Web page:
I’m pleased to help celebrate the latest book in fellow author Nancy O’Toole Meservier’s superhero saga! Information about the book is below, along with some insights into her worldbuilding and writing processes and a short excerpt from the book.


The masks are off.

Dawn Takahashi has achieved her dreams by becoming Bailey City’s first superhero, but is it worth the cost?

After the fall of Calypso, Bailey City has been shaken. An anti-superhero movement, lead by former mayor Edison Kent, is starting to rise. Fortunately, most people are on Dawn’s side, viewing her superhero persona, Hikari, as an asset to the city.

Former supervillain Faultline is seen as a threat. The man behind the helmet, Alex Gage, spends his days keeping his head down, until his efforts to keep his identity concealed lead him straight to Dawn and their unresolved feelings for each other.

On top of that, new players have arrived at Bailey City in the form of a secret organization that gathers information on empowered beings. Plus, a mysterious figure that dresses in black and blue.


First of all, the obvious: Can this book stand alone if the reader has not yet read Red and Black?

I’d recommend Black and Blue to people who have already read Red and Black, as it builds upon relationships and concepts raised in book one. But I did my best to sprinkle in background information when necessary, so hopefully new readers will not be too lost.

How are the stakes rising for the characters, especially Dawn, as this series continues?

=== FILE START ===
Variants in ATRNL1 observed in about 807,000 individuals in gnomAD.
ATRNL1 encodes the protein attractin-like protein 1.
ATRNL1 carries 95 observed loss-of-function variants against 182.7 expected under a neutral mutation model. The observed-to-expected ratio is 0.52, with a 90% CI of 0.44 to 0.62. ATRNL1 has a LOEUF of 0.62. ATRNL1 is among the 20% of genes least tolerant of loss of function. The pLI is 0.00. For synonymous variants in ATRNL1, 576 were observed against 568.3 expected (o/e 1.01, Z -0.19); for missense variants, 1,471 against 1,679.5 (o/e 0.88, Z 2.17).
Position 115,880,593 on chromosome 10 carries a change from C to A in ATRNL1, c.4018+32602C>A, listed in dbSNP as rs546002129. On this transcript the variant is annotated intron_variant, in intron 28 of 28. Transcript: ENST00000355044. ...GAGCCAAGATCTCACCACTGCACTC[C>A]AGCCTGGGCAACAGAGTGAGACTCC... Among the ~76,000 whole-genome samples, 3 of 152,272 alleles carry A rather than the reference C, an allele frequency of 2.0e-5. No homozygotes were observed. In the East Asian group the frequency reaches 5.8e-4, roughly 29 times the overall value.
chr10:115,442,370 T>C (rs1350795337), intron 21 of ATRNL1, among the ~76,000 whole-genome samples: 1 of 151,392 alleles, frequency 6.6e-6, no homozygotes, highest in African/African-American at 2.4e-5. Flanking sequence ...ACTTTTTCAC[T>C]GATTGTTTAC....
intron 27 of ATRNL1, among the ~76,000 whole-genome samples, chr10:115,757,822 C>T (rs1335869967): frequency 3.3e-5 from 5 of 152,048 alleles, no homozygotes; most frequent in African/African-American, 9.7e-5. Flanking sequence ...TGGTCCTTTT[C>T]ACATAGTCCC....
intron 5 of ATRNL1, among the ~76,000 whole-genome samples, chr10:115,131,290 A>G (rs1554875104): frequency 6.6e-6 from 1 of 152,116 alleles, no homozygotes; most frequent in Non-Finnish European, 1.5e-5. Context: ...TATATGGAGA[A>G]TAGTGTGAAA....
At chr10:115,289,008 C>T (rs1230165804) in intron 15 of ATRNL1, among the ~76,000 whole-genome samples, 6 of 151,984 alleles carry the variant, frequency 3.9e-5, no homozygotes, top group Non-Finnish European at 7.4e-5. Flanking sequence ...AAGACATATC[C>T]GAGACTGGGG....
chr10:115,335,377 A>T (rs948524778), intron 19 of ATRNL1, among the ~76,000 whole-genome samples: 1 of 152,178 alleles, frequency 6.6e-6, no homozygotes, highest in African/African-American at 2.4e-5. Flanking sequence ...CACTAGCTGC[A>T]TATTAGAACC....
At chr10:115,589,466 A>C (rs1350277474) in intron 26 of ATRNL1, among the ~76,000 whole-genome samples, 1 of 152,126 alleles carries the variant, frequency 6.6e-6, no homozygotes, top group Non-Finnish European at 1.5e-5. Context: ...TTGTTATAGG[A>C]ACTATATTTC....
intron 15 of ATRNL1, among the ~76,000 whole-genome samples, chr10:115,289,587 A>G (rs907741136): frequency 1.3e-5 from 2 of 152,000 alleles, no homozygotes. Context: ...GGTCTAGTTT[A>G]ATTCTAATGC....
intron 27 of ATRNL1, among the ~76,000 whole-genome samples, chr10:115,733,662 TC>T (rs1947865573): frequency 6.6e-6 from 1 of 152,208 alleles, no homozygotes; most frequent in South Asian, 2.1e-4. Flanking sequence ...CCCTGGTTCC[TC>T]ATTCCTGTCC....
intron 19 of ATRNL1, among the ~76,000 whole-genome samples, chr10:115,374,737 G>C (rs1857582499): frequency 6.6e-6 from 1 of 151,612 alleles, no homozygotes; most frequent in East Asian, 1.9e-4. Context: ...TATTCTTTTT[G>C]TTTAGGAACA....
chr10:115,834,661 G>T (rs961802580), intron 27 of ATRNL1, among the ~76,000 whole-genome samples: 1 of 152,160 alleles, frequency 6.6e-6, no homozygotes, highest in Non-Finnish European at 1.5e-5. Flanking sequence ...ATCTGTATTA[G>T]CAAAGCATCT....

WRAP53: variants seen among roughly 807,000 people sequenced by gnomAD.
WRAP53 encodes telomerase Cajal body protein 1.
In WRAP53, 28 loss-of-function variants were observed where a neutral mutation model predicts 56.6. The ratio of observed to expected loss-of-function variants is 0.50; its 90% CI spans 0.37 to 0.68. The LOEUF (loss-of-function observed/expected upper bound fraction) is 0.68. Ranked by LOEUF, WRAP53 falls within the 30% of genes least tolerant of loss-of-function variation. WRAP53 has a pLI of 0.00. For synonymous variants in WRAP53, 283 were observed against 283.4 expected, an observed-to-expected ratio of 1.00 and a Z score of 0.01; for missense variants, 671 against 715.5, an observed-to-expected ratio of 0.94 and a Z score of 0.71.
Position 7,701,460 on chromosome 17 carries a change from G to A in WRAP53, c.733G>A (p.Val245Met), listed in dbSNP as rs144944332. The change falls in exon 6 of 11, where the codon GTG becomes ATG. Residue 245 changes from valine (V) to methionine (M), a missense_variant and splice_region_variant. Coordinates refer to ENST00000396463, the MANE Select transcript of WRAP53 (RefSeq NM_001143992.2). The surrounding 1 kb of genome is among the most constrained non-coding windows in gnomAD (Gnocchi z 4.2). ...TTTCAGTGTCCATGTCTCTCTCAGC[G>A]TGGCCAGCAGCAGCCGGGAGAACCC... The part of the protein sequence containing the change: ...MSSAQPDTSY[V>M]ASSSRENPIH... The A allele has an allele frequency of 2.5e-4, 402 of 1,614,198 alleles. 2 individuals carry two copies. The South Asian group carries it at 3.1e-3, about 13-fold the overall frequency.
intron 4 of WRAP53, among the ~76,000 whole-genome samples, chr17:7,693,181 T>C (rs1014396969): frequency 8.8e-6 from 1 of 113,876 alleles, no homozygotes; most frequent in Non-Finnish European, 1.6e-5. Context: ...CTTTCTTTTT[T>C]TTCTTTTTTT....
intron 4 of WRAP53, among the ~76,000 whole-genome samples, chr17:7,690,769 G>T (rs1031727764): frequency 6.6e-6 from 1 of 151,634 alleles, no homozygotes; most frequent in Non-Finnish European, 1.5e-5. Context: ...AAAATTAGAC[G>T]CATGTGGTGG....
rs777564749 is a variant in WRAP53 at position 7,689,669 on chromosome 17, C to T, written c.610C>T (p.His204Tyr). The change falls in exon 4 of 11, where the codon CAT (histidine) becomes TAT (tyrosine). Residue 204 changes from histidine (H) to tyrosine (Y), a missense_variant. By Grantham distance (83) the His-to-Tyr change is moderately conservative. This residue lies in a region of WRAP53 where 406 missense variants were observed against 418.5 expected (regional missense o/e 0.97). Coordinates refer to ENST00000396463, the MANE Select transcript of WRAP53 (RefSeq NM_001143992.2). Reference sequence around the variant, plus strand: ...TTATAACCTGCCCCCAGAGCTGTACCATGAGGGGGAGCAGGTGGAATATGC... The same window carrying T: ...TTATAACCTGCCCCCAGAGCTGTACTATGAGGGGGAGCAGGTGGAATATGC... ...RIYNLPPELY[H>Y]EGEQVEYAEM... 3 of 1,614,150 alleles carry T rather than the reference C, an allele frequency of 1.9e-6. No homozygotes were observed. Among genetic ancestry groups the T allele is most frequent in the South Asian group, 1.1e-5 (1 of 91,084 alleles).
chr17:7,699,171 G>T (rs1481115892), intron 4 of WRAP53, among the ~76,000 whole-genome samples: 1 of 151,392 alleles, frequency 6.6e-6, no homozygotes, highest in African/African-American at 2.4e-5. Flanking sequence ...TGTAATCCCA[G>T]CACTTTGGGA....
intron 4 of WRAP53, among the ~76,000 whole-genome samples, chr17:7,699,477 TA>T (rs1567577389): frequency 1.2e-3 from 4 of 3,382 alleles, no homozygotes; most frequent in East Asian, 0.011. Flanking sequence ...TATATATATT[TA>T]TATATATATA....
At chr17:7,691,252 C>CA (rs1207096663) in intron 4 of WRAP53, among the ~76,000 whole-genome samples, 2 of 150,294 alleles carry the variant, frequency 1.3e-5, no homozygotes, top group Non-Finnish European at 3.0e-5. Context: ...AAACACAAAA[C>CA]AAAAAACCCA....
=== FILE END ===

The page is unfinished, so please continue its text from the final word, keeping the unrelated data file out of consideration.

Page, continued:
Weirdly enough, I felt like the stakes were raised not by adding more fight scenes (but don’t worry, they’re still here!), but by making the overall plot more personal. I’ve come to think of Black and Blue as my “time to grow up” book, as Dawn and Alex are forced to come face to face with their own faults and the consequences that arise from their actions, or inactions.

What did you learn writing your second book in comparison to the first? How do you feel that you’ve grown as an author?

Red and Black was such a lengthy writing process. I was dealing with a new series and new characters and getting my head around all of that was super-challenging for me. When I started Black and Blue, I naively assumed that with my universe established, the writing process would be so much easier.

Of course, I was dead wrong. I ended up throwing out the entire second half of the book. And then I threw out and rewrote about half of that. I remember being at a restaurant with my spouse and holding back tears of frustration. No matter how much I tried, my book just couldn’t do everything I needed it to.